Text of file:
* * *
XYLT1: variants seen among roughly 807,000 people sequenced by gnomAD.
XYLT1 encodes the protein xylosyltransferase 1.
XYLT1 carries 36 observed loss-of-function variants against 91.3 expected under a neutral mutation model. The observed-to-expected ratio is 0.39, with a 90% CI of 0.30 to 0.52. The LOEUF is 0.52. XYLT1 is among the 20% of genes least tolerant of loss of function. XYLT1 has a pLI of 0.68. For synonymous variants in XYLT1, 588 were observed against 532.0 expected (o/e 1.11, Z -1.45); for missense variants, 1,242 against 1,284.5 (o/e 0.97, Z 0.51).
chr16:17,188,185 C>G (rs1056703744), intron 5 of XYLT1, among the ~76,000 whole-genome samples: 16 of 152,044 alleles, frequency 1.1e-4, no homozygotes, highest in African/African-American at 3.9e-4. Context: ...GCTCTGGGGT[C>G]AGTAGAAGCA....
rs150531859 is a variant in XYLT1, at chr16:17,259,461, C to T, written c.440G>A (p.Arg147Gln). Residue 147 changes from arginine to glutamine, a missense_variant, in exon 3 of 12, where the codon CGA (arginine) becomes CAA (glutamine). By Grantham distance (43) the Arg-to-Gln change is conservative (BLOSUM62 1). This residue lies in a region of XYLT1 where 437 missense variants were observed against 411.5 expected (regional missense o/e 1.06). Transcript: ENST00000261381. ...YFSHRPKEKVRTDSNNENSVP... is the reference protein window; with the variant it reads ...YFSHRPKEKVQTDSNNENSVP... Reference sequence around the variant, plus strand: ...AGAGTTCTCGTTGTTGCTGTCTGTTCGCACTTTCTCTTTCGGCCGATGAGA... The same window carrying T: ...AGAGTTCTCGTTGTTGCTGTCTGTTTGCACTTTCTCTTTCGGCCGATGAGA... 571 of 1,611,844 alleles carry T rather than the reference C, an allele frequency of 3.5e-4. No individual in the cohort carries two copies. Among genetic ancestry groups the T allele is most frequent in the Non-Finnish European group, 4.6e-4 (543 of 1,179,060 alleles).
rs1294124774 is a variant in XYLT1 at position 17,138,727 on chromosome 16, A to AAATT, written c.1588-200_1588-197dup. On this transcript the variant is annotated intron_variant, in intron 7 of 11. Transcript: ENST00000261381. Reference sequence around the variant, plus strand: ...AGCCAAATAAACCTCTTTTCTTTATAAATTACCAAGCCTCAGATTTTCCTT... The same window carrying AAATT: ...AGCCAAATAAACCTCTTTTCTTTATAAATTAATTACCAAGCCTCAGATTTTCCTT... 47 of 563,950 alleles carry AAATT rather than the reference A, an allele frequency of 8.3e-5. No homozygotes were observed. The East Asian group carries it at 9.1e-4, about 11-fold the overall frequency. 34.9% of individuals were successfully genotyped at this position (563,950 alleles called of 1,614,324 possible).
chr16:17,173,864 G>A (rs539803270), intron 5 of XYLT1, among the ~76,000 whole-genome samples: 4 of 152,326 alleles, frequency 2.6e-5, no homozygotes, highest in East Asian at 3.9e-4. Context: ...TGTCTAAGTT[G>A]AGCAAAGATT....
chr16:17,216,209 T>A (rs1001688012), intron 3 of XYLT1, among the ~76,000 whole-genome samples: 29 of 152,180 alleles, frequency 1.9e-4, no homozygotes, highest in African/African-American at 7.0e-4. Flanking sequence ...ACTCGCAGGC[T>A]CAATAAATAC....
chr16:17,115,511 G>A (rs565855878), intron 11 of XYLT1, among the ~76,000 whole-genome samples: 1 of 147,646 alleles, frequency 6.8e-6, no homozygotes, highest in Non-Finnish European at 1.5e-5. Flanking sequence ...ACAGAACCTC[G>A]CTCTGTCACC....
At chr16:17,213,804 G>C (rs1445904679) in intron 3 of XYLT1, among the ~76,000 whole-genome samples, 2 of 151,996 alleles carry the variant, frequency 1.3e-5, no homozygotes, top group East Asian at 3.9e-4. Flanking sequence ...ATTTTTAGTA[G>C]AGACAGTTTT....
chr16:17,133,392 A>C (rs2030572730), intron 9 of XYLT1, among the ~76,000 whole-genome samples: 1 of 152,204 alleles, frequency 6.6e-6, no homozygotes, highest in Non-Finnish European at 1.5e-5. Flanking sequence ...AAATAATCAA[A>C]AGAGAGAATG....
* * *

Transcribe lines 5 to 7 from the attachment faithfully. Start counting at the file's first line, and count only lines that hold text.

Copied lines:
rs150531859 is a variant in XYLT1, at chr16:17,259,461, C to T, written c.440G>A (p.Arg147Gln). Residue 147 changes from arginine to glutamine, a missense_variant, in exon 3 of 12, where the codon CGA (arginine) becomes CAA (glutamine). By Grantham distance (43) the Arg-to-Gln change is conservative (BLOSUM62 1). This residue lies in a region of XYLT1 where 437 missense variants were observed against 411.5 expected (regional missense o/e 1.06). Transcript: ENST00000261381. ...YFSHRPKEKVRTDSNNENSVP... is the reference protein window; with the variant it reads ...YFSHRPKEKVQTDSNNENSVP... Reference sequence around the variant, plus strand: ...AGAGTTCTCGTTGTTGCTGTCTGTTCGCACTTTCTCTTTCGGCCGATGAGA... The same window carrying T: ...AGAGTTCTCGTTGTTGCTGTCTGTTTGCACTTTCTCTTTCGGCCGATGAGA... 571 of 1,611,844 alleles carry T rather than the reference C, an allele frequency of 3.5e-4. No individual in the cohort carries two copies. Among genetic ancestry groups the T allele is most frequent in the Non-Finnish European group, 4.6e-4 (543 of 1,179,060 alleles).
rs1294124774 is a variant in XYLT1 at position 17,138,727 on chromosome 16, A to AAATT, written c.1588-200_1588-197dup. On this transcript the variant is annotated intron_variant, in intron 7 of 11. Transcript: ENST00000261381. Reference sequence around the variant, plus strand: ...AGCCAAATAAACCTCTTTTCTTTATAAATTACCAAGCCTCAGATTTTCCTT... The same window carrying AAATT: ...AGCCAAATAAACCTCTTTTCTTTATAAATTAATTACCAAGCCTCAGATTTTCCTT... 47 of 563,950 alleles carry AAATT rather than the reference A, an allele frequency of 8.3e-5. No homozygotes were observed. The East Asian group carries it at 9.1e-4, about 11-fold the overall frequency. 34.9% of individuals were successfully genotyped at this position (563,950 alleles called of 1,614,324 possible).
chr16:17,173,864 G>A (rs539803270), intron 5 of XYLT1, among the ~76,000 whole-genome samples: 4 of 152,326 alleles, frequency 2.6e-5, no homozygotes, highest in East Asian at 3.9e-4. Context: ...TGTCTAAGTT[G>A]AGCAAAGATT....